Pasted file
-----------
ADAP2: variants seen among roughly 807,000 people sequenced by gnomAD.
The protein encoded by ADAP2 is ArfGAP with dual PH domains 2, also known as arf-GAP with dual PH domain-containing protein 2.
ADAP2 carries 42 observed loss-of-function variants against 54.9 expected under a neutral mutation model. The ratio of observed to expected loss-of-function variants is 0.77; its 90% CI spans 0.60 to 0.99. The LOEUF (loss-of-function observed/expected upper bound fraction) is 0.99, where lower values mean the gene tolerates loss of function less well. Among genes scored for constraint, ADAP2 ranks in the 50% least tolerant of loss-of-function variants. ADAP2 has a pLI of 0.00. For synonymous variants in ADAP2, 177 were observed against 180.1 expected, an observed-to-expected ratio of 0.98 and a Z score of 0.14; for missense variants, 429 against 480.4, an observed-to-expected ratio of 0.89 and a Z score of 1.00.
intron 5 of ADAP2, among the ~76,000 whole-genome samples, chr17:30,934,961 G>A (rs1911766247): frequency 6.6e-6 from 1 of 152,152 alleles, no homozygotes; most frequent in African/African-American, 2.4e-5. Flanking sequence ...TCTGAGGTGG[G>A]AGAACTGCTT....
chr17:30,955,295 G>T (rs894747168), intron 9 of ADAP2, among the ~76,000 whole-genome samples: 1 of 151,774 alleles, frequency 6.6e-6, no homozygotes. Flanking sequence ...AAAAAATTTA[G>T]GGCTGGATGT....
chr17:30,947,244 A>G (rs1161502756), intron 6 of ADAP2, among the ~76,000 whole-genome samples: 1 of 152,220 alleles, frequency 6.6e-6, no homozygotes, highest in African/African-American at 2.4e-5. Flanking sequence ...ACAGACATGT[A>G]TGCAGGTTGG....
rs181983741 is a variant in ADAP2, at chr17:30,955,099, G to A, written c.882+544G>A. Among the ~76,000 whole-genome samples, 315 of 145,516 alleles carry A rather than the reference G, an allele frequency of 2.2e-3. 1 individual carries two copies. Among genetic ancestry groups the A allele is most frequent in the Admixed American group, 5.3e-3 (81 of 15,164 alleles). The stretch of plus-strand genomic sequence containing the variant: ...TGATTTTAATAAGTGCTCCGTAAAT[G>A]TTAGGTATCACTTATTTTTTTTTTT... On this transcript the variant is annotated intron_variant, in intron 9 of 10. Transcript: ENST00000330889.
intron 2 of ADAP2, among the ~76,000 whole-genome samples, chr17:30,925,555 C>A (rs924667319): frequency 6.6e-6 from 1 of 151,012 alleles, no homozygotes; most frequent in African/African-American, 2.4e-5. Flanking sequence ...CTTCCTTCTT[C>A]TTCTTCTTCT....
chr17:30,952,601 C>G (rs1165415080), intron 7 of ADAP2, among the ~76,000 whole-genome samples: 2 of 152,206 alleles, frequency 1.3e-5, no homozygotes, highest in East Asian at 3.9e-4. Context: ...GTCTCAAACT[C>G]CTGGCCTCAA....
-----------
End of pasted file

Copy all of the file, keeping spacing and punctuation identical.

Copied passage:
ADAP2: variants seen among roughly 807,000 people sequenced by gnomAD.
The protein encoded by ADAP2 is ArfGAP with dual PH domains 2, also known as arf-GAP with dual PH domain-containing protein 2.
ADAP2 carries 42 observed loss-of-function variants against 54.9 expected under a neutral mutation model. The ratio of observed to expected loss-of-function variants is 0.77; its 90% CI spans 0.60 to 0.99. The LOEUF (loss-of-function observed/expected upper bound fraction) is 0.99, where lower values mean the gene tolerates loss of function less well. Among genes scored for constraint, ADAP2 ranks in the 50% least tolerant of loss-of-function variants. ADAP2 has a pLI of 0.00. For synonymous variants in ADAP2, 177 were observed against 180.1 expected, an observed-to-expected ratio of 0.98 and a Z score of 0.14; for missense variants, 429 against 480.4, an observed-to-expected ratio of 0.89 and a Z score of 1.00.
intron 5 of ADAP2, among the ~76,000 whole-genome samples, chr17:30,934,961 G>A (rs1911766247): frequency 6.6e-6 from 1 of 152,152 alleles, no homozygotes; most frequent in African/African-American, 2.4e-5. Flanking sequence ...TCTGAGGTGG[G>A]AGAACTGCTT....
chr17:30,955,295 G>T (rs894747168), intron 9 of ADAP2, among the ~76,000 whole-genome samples: 1 of 151,774 alleles, frequency 6.6e-6, no homozygotes. Flanking sequence ...AAAAAATTTA[G>T]GGCTGGATGT....
chr17:30,947,244 A>G (rs1161502756), intron 6 of ADAP2, among the ~76,000 whole-genome samples: 1 of 152,220 alleles, frequency 6.6e-6, no homozygotes, highest in African/African-American at 2.4e-5. Flanking sequence ...ACAGACATGT[A>G]TGCAGGTTGG....
rs181983741 is a variant in ADAP2, at chr17:30,955,099, G to A, written c.882+544G>A. Among the ~76,000 whole-genome samples, 315 of 145,516 alleles carry A rather than the reference G, an allele frequency of 2.2e-3. 1 individual carries two copies. Among genetic ancestry groups the A allele is most frequent in the Admixed American group, 5.3e-3 (81 of 15,164 alleles). The stretch of plus-strand genomic sequence containing the variant: ...TGATTTTAATAAGTGCTCCGTAAAT[G>A]TTAGGTATCACTTATTTTTTTTTTT... On this transcript the variant is annotated intron_variant, in intron 9 of 10. Transcript: ENST00000330889.
intron 2 of ADAP2, among the ~76,000 whole-genome samples, chr17:30,925,555 C>A (rs924667319): frequency 6.6e-6 from 1 of 151,012 alleles, no homozygotes; most frequent in African/African-American, 2.4e-5. Flanking sequence ...CTTCCTTCTT[C>A]TTCTTCTTCT....
chr17:30,952,601 C>G (rs1165415080), intron 7 of ADAP2, among the ~76,000 whole-genome samples: 2 of 152,206 alleles, frequency 1.3e-5, no homozygotes, highest in East Asian at 3.9e-4. Context: ...GTCTCAAACT[C>G]CTGGCCTCAA....